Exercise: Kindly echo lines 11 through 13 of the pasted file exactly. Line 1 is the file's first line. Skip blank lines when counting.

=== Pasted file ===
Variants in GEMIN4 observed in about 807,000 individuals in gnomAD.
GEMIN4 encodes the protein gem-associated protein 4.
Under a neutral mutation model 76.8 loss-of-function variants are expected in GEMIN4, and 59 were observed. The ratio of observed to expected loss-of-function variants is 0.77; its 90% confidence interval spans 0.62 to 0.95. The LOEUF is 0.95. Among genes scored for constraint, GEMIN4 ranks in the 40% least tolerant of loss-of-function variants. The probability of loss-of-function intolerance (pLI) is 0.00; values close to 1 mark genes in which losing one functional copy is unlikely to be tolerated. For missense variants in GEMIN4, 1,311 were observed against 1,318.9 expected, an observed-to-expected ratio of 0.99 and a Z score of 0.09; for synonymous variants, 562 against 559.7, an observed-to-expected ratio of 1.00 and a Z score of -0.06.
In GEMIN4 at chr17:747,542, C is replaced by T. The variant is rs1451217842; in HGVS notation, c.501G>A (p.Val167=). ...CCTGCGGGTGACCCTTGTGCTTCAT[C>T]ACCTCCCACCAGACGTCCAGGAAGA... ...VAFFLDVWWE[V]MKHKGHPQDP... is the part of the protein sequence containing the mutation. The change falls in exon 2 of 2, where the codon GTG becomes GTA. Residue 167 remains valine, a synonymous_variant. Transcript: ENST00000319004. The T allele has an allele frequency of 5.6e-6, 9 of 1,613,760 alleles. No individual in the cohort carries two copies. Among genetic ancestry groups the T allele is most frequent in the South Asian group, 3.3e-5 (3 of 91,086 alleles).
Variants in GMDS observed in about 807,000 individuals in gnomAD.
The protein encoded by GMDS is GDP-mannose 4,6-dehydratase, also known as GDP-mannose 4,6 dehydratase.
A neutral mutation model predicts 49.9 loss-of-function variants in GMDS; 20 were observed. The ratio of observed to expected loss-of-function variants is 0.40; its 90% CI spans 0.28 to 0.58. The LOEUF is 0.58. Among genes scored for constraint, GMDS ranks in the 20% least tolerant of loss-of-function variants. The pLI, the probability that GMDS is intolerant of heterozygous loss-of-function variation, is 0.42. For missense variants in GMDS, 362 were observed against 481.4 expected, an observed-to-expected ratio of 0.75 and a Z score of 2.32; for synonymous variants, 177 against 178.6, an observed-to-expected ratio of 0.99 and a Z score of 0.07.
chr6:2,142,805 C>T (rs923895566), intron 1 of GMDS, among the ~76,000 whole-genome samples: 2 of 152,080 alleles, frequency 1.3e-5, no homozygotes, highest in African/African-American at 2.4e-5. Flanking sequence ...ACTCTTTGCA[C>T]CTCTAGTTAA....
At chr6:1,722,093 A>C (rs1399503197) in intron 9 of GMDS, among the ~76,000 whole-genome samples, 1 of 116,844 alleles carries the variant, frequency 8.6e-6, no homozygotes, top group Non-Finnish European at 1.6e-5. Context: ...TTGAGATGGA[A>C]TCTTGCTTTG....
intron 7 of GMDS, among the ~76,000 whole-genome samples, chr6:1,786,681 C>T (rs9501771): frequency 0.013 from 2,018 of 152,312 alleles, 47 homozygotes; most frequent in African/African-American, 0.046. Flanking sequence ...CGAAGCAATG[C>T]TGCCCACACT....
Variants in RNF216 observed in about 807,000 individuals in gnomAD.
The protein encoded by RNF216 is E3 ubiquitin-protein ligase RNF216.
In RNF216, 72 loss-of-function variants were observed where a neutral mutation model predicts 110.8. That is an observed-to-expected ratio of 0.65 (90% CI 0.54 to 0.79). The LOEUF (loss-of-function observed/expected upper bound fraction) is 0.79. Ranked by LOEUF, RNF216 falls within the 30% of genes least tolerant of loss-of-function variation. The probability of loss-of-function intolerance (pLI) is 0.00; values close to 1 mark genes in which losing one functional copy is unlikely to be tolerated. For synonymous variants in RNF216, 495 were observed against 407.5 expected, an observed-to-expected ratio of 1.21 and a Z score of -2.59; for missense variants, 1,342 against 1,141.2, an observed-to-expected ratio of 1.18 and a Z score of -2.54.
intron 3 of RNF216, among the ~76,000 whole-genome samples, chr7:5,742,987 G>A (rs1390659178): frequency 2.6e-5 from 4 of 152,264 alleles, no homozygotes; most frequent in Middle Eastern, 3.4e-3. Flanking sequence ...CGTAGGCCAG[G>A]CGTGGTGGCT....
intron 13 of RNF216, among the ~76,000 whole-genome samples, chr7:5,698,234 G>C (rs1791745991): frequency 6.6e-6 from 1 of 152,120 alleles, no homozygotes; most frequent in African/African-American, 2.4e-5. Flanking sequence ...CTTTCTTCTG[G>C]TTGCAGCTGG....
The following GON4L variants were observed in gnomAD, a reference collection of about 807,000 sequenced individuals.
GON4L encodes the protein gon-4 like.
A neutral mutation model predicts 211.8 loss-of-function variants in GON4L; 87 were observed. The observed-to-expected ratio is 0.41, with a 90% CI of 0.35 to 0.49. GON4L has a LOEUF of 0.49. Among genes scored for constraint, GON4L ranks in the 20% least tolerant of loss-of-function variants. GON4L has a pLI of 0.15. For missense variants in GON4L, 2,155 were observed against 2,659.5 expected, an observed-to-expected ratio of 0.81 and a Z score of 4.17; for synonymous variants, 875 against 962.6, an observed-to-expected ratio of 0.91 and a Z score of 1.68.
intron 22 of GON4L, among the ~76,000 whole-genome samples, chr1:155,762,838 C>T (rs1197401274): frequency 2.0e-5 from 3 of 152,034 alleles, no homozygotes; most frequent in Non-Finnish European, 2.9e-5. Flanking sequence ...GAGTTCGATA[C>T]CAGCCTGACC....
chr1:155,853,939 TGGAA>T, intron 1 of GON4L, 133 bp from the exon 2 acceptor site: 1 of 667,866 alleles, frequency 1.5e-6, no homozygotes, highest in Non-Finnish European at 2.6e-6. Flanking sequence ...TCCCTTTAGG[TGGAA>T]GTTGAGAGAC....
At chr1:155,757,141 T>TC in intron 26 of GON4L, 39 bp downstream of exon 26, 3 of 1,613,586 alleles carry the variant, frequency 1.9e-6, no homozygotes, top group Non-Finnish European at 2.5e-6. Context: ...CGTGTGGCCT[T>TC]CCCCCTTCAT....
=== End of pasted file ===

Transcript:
Variants in RNF216 observed in about 807,000 individuals in gnomAD.
The protein encoded by RNF216 is E3 ubiquitin-protein ligase RNF216.
In RNF216, 72 loss-of-function variants were observed where a neutral mutation model predicts 110.8. That is an observed-to-expected ratio of 0.65 (90% CI 0.54 to 0.79). The LOEUF (loss-of-function observed/expected upper bound fraction) is 0.79. Ranked by LOEUF, RNF216 falls within the 30% of genes least tolerant of loss-of-function variation. The probability of loss-of-function intolerance (pLI) is 0.00; values close to 1 mark genes in which losing one functional copy is unlikely to be tolerated. For synonymous variants in RNF216, 495 were observed against 407.5 expected, an observed-to-expected ratio of 1.21 and a Z score of -2.59; for missense variants, 1,342 against 1,141.2, an observed-to-expected ratio of 1.18 and a Z score of -2.54.